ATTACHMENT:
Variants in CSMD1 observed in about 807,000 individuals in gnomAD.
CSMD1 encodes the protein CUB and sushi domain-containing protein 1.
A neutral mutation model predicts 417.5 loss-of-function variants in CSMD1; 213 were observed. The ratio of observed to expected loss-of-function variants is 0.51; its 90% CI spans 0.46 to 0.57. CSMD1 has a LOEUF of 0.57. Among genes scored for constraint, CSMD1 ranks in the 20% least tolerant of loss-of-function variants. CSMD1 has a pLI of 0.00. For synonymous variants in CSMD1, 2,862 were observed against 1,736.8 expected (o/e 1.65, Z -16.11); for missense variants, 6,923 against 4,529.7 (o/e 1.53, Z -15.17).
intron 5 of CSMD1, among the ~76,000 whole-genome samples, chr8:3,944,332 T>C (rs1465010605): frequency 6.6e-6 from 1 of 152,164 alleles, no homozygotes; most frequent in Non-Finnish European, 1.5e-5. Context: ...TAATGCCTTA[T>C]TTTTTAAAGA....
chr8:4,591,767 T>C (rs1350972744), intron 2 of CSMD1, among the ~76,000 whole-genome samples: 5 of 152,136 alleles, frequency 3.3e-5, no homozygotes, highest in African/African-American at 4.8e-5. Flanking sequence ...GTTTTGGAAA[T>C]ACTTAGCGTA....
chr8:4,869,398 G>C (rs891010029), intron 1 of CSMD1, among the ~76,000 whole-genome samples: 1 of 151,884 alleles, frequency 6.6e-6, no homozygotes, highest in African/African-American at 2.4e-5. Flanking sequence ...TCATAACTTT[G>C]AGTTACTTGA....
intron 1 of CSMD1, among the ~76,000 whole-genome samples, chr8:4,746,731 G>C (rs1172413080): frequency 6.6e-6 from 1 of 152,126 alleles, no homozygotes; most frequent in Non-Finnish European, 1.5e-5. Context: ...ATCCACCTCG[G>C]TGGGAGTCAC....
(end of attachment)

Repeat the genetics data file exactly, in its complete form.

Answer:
Variants in CSMD1 observed in about 807,000 individuals in gnomAD.
CSMD1 encodes the protein CUB and sushi domain-containing protein 1.
A neutral mutation model predicts 417.5 loss-of-function variants in CSMD1; 213 were observed. The ratio of observed to expected loss-of-function variants is 0.51; its 90% CI spans 0.46 to 0.57. CSMD1 has a LOEUF of 0.57. Among genes scored for constraint, CSMD1 ranks in the 20% least tolerant of loss-of-function variants. CSMD1 has a pLI of 0.00. For synonymous variants in CSMD1, 2,862 were observed against 1,736.8 expected (o/e 1.65, Z -16.11); for missense variants, 6,923 against 4,529.7 (o/e 1.53, Z -15.17).
intron 5 of CSMD1, among the ~76,000 whole-genome samples, chr8:3,944,332 T>C (rs1465010605): frequency 6.6e-6 from 1 of 152,164 alleles, no homozygotes; most frequent in Non-Finnish European, 1.5e-5. Context: ...TAATGCCTTA[T>C]TTTTTAAAGA....
chr8:4,591,767 T>C (rs1350972744), intron 2 of CSMD1, among the ~76,000 whole-genome samples: 5 of 152,136 alleles, frequency 3.3e-5, no homozygotes, highest in African/African-American at 4.8e-5. Flanking sequence ...GTTTTGGAAA[T>C]ACTTAGCGTA....
chr8:4,869,398 G>C (rs891010029), intron 1 of CSMD1, among the ~76,000 whole-genome samples: 1 of 151,884 alleles, frequency 6.6e-6, no homozygotes, highest in African/African-American at 2.4e-5. Flanking sequence ...TCATAACTTT[G>C]AGTTACTTGA....
intron 1 of CSMD1, among the ~76,000 whole-genome samples, chr8:4,746,731 G>C (rs1172413080): frequency 6.6e-6 from 1 of 152,126 alleles, no homozygotes; most frequent in Non-Finnish European, 1.5e-5. Context: ...ATCCACCTCG[G>C]TGGGAGTCAC....